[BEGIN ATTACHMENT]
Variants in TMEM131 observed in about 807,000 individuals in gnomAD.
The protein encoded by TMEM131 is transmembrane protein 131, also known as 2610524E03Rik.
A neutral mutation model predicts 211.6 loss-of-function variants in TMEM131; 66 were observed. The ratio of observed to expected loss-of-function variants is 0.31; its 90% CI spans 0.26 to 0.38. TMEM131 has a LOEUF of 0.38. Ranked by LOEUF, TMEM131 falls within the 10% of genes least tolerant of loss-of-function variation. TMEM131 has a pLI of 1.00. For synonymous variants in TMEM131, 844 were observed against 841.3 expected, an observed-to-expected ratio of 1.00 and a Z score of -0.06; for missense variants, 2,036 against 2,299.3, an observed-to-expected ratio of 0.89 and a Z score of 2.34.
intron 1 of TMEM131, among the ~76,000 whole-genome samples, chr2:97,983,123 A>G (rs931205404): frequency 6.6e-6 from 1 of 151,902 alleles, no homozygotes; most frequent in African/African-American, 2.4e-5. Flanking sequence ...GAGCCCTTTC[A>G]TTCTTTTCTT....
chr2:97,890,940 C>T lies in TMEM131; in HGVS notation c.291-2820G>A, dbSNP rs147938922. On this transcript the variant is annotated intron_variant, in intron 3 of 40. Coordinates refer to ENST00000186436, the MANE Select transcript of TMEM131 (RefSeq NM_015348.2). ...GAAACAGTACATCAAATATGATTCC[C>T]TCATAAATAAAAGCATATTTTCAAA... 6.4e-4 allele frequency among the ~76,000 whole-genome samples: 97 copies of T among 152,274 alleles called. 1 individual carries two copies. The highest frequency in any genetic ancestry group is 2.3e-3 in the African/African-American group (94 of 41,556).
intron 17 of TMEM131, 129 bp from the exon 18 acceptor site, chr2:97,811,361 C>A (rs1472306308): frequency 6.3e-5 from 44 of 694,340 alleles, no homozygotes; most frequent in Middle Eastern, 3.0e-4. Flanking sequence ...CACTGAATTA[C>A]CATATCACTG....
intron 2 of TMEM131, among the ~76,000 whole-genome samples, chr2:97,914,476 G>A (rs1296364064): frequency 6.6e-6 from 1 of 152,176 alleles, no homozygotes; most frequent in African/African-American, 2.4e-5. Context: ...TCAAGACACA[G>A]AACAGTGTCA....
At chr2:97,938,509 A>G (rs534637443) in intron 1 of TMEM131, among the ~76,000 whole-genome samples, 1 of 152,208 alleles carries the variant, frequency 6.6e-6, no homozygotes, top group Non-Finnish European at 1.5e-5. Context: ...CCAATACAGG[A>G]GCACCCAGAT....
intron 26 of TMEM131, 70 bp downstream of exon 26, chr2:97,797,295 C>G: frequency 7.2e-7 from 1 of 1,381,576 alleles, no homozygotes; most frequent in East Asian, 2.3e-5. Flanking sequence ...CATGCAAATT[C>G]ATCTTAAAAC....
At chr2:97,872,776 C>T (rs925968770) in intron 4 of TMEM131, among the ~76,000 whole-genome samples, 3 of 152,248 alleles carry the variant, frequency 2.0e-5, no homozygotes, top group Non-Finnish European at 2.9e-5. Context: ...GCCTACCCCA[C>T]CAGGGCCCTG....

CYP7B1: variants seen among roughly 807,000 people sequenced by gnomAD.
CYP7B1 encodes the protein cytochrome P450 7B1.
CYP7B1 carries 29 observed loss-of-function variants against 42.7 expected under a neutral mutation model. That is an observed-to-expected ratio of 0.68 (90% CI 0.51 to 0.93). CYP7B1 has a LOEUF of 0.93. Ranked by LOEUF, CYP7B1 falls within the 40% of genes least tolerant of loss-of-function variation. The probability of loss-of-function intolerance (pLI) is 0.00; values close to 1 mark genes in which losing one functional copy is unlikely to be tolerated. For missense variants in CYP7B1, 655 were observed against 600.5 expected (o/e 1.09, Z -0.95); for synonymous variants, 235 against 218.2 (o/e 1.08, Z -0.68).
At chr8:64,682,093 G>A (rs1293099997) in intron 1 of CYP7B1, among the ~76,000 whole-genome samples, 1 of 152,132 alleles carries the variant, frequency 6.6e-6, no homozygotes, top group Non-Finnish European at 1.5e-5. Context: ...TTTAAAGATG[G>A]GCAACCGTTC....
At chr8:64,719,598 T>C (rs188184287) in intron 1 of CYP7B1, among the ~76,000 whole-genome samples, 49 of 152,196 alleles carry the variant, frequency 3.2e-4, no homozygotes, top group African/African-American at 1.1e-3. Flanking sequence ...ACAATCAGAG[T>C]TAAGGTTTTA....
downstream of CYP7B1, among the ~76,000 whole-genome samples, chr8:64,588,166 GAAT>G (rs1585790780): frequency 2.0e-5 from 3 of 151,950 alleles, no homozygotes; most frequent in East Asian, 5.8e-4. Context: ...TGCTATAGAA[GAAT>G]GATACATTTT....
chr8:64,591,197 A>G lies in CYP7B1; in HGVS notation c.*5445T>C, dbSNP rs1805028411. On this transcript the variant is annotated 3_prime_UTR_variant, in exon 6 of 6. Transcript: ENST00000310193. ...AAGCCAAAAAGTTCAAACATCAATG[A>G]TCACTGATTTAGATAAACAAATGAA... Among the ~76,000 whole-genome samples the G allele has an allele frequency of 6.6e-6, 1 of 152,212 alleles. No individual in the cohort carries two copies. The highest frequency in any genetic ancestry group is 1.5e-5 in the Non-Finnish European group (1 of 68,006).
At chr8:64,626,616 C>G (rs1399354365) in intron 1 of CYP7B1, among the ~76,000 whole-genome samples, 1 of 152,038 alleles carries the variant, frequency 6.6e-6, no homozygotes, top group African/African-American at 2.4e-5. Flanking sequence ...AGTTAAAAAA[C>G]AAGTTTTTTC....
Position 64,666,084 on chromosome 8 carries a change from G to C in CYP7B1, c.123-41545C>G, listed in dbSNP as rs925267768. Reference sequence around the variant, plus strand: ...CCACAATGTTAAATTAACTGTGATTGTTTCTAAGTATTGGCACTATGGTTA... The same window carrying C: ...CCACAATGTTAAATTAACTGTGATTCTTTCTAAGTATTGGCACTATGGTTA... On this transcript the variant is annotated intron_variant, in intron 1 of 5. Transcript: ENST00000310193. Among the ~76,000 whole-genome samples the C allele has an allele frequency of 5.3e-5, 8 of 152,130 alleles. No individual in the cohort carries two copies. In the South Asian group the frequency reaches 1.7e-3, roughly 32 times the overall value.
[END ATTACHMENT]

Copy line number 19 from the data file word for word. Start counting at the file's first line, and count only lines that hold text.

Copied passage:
Position 64,666,084 on chromosome 8 carries a change from G to C in CYP7B1, c.123-41545C>G, listed in dbSNP as rs925267768. Reference sequence around the variant, plus strand: ...CCACAATGTTAAATTAACTGTGATTGTTTCTAAGTATTGGCACTATGGTTA... The same window carrying C: ...CCACAATGTTAAATTAACTGTGATTCTTTCTAAGTATTGGCACTATGGTTA... On this transcript the variant is annotated intron_variant, in intron 1 of 5. Transcript: ENST00000310193. Among the ~76,000 whole-genome samples the C allele has an allele frequency of 5.3e-5, 8 of 152,130 alleles. No individual in the cohort carries two copies. In the South Asian group the frequency reaches 1.7e-3, roughly 32 times the overall value.